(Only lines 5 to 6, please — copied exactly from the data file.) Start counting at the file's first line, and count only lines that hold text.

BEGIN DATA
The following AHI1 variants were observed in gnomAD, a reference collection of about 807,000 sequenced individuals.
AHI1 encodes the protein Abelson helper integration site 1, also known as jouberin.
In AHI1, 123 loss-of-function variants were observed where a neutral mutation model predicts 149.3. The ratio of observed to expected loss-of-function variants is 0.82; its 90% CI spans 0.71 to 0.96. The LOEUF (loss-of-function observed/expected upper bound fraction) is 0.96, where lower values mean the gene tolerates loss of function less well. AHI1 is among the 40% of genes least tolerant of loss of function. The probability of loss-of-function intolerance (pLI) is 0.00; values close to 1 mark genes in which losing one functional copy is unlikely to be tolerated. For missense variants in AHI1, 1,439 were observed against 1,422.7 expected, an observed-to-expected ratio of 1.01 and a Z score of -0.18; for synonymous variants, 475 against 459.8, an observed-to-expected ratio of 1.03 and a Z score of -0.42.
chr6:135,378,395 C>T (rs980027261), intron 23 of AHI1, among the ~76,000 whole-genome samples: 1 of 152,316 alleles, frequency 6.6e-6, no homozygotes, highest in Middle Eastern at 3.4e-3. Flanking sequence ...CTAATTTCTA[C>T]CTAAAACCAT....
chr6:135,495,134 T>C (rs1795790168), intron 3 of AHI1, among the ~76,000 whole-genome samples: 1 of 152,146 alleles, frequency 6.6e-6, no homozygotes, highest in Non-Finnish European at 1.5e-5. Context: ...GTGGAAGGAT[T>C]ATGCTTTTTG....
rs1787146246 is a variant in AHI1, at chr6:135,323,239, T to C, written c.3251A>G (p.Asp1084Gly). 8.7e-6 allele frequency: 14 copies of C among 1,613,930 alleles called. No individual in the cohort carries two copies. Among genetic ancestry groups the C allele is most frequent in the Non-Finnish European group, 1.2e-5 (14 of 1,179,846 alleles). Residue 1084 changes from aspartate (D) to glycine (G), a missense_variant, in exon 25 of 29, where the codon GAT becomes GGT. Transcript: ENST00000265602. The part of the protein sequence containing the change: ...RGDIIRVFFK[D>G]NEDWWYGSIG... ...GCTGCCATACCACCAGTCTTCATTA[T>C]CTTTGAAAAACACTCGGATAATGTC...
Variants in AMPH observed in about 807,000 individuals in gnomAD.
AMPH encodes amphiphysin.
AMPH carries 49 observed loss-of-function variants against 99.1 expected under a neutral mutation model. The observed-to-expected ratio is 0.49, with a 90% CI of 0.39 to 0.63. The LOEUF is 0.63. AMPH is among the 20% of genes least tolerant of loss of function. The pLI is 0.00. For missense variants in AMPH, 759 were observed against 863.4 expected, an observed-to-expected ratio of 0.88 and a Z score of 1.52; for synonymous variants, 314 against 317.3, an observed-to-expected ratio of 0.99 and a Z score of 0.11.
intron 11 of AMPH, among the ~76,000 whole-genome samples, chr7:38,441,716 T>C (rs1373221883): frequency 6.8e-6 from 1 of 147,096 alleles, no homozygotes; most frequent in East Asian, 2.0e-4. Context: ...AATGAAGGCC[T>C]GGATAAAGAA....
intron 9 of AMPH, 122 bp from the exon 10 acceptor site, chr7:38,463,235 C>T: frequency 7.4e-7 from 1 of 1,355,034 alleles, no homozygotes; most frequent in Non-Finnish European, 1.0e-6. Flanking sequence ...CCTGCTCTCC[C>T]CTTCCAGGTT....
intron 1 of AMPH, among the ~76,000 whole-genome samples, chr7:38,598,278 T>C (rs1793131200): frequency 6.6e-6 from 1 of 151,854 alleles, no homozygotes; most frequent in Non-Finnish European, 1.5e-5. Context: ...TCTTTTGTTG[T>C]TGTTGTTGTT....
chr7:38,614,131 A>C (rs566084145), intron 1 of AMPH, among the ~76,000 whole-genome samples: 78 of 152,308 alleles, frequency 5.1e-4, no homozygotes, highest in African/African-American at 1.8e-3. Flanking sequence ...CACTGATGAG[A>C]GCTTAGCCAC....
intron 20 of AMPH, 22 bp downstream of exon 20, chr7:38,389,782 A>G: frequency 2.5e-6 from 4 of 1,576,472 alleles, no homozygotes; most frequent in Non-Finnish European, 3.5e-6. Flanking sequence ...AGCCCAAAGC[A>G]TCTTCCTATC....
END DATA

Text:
chr6:135,495,134 T>C (rs1795790168), intron 3 of AHI1, among the ~76,000 whole-genome samples: 1 of 152,146 alleles, frequency 6.6e-6, no homozygotes, highest in Non-Finnish European at 1.5e-5. Context: ...GTGGAAGGAT[T>C]ATGCTTTTTG....
rs1787146246 is a variant in AHI1, at chr6:135,323,239, T to C, written c.3251A>G (p.Asp1084Gly). 8.7e-6 allele frequency: 14 copies of C among 1,613,930 alleles called. No individual in the cohort carries two copies. Among genetic ancestry groups the C allele is most frequent in the Non-Finnish European group, 1.2e-5 (14 of 1,179,846 alleles). Residue 1084 changes from aspartate (D) to glycine (G), a missense_variant, in exon 25 of 29, where the codon GAT becomes GGT. Transcript: ENST00000265602. The part of the protein sequence containing the change: ...RGDIIRVFFK[D>G]NEDWWYGSIG... ...GCTGCCATACCACCAGTCTTCATTA[T>C]CTTTGAAAAACACTCGGATAATGTC...